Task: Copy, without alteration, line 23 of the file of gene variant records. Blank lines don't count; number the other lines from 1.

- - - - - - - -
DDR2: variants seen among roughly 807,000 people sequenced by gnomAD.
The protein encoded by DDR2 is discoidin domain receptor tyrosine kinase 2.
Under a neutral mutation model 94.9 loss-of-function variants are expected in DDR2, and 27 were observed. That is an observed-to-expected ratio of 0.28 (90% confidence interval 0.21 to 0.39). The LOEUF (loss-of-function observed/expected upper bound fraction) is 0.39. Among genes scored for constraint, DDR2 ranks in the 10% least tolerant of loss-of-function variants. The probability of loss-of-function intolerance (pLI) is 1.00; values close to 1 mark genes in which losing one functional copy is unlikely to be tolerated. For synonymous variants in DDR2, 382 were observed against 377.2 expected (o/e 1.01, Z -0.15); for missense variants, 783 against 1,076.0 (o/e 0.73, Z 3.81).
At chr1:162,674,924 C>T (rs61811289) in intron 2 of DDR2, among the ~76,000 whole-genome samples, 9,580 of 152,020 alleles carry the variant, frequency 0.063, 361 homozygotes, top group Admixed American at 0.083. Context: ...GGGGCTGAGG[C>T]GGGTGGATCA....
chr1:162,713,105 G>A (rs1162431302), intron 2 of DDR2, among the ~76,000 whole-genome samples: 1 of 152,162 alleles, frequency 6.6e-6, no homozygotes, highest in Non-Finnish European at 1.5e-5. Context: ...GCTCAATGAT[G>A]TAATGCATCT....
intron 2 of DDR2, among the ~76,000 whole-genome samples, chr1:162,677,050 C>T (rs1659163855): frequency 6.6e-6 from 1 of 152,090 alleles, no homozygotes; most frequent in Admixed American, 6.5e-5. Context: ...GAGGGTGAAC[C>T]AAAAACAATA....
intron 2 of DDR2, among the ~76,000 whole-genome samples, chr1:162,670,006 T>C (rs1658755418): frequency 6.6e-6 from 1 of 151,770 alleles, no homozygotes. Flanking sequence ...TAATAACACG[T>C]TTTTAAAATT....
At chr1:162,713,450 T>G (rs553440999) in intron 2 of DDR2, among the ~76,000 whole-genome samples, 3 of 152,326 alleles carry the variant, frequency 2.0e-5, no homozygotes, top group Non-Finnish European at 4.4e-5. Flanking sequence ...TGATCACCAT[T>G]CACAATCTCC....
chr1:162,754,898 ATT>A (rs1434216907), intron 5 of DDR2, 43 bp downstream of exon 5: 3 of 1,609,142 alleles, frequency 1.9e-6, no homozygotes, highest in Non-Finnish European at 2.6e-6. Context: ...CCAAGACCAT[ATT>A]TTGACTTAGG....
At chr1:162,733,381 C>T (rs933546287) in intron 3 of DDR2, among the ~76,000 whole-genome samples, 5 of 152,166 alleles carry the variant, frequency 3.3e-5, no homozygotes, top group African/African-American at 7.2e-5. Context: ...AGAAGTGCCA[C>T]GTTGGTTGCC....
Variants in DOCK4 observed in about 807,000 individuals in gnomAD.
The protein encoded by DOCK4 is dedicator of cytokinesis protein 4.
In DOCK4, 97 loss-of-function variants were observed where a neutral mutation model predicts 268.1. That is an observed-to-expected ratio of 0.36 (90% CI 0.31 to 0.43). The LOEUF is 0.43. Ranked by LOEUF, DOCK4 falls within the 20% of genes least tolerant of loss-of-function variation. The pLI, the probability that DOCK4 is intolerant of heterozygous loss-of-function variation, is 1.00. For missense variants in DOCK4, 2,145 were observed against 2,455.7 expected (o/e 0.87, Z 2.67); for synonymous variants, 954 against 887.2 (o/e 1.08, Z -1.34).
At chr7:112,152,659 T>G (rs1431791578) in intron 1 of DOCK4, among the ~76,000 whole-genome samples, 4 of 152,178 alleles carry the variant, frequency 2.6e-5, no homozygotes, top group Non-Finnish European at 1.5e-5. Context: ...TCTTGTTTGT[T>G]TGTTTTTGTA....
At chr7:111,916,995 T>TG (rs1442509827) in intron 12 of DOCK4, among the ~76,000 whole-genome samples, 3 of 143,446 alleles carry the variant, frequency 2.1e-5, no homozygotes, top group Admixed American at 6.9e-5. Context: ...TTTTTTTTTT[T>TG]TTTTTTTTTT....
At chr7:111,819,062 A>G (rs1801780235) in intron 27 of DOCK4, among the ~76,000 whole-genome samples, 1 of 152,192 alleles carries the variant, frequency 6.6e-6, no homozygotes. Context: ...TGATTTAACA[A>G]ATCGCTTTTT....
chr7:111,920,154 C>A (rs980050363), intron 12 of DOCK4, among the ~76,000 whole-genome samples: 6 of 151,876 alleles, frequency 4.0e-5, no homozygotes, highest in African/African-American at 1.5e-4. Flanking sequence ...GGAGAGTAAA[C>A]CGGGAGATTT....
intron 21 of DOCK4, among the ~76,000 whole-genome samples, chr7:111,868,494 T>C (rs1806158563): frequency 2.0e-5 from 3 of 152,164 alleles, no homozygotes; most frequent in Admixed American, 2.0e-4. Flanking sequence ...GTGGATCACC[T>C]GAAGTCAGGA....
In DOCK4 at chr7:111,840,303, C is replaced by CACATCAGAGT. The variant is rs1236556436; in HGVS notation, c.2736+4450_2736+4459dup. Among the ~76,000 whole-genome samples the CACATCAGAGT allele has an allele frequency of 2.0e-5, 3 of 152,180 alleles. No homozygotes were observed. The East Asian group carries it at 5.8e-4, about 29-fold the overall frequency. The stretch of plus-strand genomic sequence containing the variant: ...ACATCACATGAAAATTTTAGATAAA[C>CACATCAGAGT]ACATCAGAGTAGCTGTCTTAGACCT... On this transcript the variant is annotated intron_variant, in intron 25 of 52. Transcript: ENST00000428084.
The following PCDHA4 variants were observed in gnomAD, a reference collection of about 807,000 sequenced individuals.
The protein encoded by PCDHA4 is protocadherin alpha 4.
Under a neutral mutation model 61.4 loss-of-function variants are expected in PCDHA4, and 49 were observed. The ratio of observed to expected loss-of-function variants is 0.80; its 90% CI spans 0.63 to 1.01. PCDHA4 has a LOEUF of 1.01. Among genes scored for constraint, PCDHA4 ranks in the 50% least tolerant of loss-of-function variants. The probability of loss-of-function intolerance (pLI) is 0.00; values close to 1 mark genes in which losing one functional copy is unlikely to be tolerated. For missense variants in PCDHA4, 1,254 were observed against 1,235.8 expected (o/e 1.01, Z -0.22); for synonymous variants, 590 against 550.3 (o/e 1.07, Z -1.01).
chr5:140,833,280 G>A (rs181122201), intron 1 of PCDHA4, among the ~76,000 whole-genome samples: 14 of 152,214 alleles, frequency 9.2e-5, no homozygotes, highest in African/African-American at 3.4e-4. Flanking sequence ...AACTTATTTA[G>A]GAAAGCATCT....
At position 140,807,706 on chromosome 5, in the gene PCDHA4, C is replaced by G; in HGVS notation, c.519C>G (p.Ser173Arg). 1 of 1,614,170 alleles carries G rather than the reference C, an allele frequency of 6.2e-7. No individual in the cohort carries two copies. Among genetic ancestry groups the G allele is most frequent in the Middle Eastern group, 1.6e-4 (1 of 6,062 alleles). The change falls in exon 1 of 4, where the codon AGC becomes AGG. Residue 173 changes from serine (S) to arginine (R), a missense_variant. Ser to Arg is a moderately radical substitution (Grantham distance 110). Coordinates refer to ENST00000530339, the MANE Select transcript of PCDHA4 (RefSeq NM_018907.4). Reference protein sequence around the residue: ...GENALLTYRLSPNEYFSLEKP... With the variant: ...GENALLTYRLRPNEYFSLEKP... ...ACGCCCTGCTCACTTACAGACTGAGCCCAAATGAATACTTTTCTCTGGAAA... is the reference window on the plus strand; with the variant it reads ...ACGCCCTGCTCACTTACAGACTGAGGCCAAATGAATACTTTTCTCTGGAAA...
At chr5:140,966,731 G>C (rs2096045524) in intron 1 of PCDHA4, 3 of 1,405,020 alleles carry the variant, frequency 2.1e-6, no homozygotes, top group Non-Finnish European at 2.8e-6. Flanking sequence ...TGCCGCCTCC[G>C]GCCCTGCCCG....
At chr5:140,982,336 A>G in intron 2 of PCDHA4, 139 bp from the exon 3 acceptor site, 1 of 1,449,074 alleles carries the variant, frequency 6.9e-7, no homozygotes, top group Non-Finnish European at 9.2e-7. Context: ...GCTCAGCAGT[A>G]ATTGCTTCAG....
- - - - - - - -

chr5:140,833,280 G>A (rs181122201), intron 1 of PCDHA4, among the ~76,000 whole-genome samples: 14 of 152,214 alleles, frequency 9.2e-5, no homozygotes, highest in African/African-American at 3.4e-4. Flanking sequence ...AACTTATTTA[G>A]GAAAGCATCT....